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Israel: The land of milk, honey and whisky

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Israel may seem an unlikely place to nurture a burgeoning whisky industry, yet a handful of distilleries are now producing single malt influenced by their environment, from the arid dryness of Golan Heights to the coastal humidity of Tel Aviv. Jake Emen reports.

Milk & Honey whisky distillery in Tel Aviv, Israel
New frontier: Israel's burgeoning whisky scene presents an unexplored realm of flavours (Photo: Milk & Honey)

In today’s global whisky environment, distilleries in places as different as Sweden and Taiwan are able to produce a whisky with its own unique geographical, environmental and cultural influence. So how do you produce a whisky that’s tailor-made to the unlikely area of Israel? The first thing you do is pick a great name. Enter Milk & Honey, Israel’s first whisky distillery.

Milk & Honey didn’t suddenly appear in the desert overnight though, as if it was biblical manna. No, a thirst for whisky needed to develop beforehand, along with an interest in Israeli-made products of all types. Cocktail bars have sprouted up serving specialty spirits and high-end craft libations. The craft beer scene has taken root, and there are hundreds of Israeli wineries. There are even devoted whisky bars, such as The Whiskey Bar & Museum and its line-up of 1,000 bottles. And so yes, now there are distilleries too.

‘The whisky market in Israel is in consistent growth, especially the single malt section, with more and more brands being imported,’ says Tomer Goren. He’s more than a casual observer of such trends, he’s the head distiller at Milk & Honey, which is located in the beautiful coastal city of Tel Aviv.

The thought process was then, if so much whisky was beginning to be brought into Israel, why not actually make whisky in Israel as well? ‘I wanted to make whisky at home and then I understood that it is actually possible to open a distillery in Israel,’ says Gal Kalkshtein, the distillery owner. ‘I checked a little bit about why there was no whisky distillery in Israel, and I understood that it’s because nobody wanted to invest in a business with ROI of 15 years. Yet I am young, and I wanted to take the risk.’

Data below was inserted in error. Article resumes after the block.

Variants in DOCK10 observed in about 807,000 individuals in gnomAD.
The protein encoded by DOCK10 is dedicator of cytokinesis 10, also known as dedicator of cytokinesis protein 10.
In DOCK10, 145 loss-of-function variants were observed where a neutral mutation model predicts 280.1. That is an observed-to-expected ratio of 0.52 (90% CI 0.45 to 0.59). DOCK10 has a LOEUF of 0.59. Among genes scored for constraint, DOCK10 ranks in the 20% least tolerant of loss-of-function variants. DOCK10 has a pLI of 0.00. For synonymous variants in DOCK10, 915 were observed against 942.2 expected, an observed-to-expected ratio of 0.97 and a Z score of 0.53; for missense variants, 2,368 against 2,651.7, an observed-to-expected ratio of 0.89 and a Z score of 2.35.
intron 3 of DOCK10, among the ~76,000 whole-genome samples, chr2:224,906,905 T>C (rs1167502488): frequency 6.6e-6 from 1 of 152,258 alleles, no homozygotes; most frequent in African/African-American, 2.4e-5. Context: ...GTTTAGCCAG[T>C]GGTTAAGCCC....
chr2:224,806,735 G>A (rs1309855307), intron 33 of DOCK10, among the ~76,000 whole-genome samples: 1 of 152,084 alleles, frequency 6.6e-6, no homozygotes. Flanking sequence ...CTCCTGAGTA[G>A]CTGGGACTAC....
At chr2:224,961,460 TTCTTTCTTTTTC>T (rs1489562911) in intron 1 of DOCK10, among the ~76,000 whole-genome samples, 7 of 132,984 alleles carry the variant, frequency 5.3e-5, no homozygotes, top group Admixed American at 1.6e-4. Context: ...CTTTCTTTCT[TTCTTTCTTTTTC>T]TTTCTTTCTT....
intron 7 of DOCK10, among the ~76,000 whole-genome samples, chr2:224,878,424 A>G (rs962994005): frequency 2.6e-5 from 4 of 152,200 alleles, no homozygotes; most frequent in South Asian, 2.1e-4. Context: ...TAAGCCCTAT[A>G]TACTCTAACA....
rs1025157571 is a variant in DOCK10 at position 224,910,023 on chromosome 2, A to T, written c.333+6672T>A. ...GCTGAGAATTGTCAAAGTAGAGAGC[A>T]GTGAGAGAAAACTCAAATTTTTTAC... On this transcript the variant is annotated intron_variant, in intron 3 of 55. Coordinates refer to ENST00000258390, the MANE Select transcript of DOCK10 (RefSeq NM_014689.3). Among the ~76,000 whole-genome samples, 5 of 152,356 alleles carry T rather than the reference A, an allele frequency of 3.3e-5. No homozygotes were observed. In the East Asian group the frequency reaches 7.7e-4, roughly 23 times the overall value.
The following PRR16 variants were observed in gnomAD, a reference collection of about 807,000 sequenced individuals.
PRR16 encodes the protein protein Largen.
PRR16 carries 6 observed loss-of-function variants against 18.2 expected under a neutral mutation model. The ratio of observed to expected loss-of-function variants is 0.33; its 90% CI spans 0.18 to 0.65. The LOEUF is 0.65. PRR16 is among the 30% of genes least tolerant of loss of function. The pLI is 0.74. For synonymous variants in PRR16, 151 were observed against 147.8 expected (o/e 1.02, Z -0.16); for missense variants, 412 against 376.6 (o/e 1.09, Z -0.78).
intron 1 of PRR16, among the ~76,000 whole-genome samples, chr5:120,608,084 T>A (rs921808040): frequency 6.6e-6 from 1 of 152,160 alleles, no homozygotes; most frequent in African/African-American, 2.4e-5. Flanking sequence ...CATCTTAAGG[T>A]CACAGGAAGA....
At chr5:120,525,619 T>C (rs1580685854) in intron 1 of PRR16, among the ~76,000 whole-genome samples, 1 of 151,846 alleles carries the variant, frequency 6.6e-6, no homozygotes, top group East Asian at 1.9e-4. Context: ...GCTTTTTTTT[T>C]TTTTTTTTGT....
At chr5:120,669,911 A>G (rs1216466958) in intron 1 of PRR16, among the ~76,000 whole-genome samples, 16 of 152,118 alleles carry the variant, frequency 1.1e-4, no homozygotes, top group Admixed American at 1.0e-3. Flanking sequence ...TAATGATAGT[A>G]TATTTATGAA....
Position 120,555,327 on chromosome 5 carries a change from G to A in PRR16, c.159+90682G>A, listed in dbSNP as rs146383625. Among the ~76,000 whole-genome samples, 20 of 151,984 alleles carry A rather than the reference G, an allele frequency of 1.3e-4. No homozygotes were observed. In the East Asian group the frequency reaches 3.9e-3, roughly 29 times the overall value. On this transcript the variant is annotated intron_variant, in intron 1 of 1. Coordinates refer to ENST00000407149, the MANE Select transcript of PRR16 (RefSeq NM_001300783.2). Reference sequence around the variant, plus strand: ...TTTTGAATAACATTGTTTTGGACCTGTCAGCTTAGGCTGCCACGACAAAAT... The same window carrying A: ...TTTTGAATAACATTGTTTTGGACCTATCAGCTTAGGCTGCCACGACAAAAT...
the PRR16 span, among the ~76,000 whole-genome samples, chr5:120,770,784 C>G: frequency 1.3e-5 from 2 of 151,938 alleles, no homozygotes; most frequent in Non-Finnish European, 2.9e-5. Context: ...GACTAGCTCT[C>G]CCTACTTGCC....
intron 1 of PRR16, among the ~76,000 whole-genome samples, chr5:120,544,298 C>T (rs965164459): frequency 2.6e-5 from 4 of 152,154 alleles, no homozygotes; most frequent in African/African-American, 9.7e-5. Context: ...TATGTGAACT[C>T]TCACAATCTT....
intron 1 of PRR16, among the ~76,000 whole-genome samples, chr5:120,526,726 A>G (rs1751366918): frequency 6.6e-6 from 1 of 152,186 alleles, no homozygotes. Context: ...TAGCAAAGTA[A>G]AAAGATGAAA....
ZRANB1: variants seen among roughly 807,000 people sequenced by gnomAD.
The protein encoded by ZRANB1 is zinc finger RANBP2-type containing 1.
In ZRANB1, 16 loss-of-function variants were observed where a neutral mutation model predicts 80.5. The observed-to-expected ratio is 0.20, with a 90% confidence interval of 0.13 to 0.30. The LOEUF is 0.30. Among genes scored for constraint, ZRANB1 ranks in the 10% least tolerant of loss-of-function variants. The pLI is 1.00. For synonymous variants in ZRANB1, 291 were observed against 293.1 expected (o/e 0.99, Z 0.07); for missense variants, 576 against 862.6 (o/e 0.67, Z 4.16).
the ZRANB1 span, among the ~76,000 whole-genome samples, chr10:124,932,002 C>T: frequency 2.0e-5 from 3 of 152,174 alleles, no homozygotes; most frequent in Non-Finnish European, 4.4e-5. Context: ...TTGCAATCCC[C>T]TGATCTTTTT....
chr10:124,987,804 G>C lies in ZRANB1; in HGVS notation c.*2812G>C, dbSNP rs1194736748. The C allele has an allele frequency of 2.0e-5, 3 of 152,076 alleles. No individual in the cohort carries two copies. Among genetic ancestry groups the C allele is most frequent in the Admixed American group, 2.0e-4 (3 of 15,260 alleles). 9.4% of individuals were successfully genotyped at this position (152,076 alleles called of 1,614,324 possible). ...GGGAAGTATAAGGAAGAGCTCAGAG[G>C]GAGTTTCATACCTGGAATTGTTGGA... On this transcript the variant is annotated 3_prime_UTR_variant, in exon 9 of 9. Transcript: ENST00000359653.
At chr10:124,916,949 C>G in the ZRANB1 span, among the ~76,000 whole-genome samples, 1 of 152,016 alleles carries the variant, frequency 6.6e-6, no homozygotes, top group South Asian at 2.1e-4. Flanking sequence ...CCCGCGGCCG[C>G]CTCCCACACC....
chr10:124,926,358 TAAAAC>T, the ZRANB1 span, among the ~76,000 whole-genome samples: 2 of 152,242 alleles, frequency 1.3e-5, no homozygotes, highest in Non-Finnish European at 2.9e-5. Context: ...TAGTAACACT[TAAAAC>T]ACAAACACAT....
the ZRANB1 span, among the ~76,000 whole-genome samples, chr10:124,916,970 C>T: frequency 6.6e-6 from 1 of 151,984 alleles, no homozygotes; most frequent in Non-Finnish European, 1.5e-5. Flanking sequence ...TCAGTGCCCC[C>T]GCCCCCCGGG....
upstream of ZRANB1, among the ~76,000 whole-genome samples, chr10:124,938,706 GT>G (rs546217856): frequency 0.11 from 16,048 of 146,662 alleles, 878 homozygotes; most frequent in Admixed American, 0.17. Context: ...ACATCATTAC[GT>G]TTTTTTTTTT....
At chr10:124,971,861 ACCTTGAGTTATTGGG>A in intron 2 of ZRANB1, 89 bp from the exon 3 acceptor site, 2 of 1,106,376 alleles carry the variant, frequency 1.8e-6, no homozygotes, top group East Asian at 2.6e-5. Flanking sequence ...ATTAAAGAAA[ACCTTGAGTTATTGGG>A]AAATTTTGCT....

New crowd: The Whiskey Bar & Museum serves a growing demand for whisky in Israel

Planning for the distillery began in earnest in 2012, with distillation beginning at the current site in 2015. Visit now and you’ll find a welcoming visitor centre and all the sights and smells you’re accustomed to finding at a craft distillery located anywhere else in the world – barrels patiently toiling away in the back, copper pots on show in the front and guests tasting at the bar.

While Milk & Honey is recognised as the first Israeli whisky distillery, it’s no longer the only one. Half a dozen others are either open or in the planning stages, including Edre’i distillery, Golan Heights, Jerusalem Distilling Company, Pelter (which released its first three-year-old single malt in 2017), and Legends.

There also aren’t yet legal definitions in Israel for what a whisky can or cannot be, so distilleries thus far generally lean into Scotch standards for their protocol. That’s why early, limited releases from the distillery have been labelled as ‘young single malt’ (a limited edition, three-year-old malt distilled at a temporary location was sold at auction in 2017), while the first commercially-available, fully-matured whisky from Milk & Honey, will be a three-year-old single malt, set to hit the market in 2019. Yes, that’s fully-matured at three years of age, thanks to Israel’s heat and humidity.

‘Ageing whisky in Israel is a bit different [than in Scotland],’ a distillery tour guide explains. ‘It’s very hot and very humid.’ The distillery therefore turned to the master of such maturation matters, the late Dr Jim Swan. ‘Jim really took an interest in Israel and in us,’ he says.